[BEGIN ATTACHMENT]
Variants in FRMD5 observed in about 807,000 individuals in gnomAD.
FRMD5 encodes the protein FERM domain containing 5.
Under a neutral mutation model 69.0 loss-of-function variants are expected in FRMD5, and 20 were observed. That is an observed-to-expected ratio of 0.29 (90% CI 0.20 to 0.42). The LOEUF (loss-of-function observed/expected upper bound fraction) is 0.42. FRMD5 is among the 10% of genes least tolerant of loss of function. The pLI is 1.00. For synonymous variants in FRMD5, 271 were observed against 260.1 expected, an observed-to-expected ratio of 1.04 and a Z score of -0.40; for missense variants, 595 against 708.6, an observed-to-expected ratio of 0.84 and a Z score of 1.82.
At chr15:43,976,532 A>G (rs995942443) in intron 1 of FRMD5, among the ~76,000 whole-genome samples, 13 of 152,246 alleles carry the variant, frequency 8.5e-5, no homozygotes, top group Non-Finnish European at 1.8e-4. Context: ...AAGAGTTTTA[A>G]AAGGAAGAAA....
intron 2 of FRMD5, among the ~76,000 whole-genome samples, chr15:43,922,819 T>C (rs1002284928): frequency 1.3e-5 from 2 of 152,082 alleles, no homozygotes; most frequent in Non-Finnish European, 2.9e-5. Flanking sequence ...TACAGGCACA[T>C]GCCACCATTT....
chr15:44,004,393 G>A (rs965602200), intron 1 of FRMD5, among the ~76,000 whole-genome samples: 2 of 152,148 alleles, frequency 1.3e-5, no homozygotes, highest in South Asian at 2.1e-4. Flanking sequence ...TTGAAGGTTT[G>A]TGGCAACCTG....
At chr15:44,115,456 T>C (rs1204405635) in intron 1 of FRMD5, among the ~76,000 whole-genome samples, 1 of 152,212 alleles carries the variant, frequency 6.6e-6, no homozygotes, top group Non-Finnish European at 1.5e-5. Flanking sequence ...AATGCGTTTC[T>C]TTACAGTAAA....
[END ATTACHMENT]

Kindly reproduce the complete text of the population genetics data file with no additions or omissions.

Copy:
Variants in FRMD5 observed in about 807,000 individuals in gnomAD.
FRMD5 encodes the protein FERM domain containing 5.
Under a neutral mutation model 69.0 loss-of-function variants are expected in FRMD5, and 20 were observed. That is an observed-to-expected ratio of 0.29 (90% CI 0.20 to 0.42). The LOEUF (loss-of-function observed/expected upper bound fraction) is 0.42. FRMD5 is among the 10% of genes least tolerant of loss of function. The pLI is 1.00. For synonymous variants in FRMD5, 271 were observed against 260.1 expected, an observed-to-expected ratio of 1.04 and a Z score of -0.40; for missense variants, 595 against 708.6, an observed-to-expected ratio of 0.84 and a Z score of 1.82.
At chr15:43,976,532 A>G (rs995942443) in intron 1 of FRMD5, among the ~76,000 whole-genome samples, 13 of 152,246 alleles carry the variant, frequency 8.5e-5, no homozygotes, top group Non-Finnish European at 1.8e-4. Context: ...AAGAGTTTTA[A>G]AAGGAAGAAA....
intron 2 of FRMD5, among the ~76,000 whole-genome samples, chr15:43,922,819 T>C (rs1002284928): frequency 1.3e-5 from 2 of 152,082 alleles, no homozygotes; most frequent in Non-Finnish European, 2.9e-5. Flanking sequence ...TACAGGCACA[T>C]GCCACCATTT....
chr15:44,004,393 G>A (rs965602200), intron 1 of FRMD5, among the ~76,000 whole-genome samples: 2 of 152,148 alleles, frequency 1.3e-5, no homozygotes, highest in South Asian at 2.1e-4. Flanking sequence ...TTGAAGGTTT[G>A]TGGCAACCTG....
At chr15:44,115,456 T>C (rs1204405635) in intron 1 of FRMD5, among the ~76,000 whole-genome samples, 1 of 152,212 alleles carries the variant, frequency 6.6e-6, no homozygotes, top group Non-Finnish European at 1.5e-5. Flanking sequence ...AATGCGTTTC[T>C]TTACAGTAAA....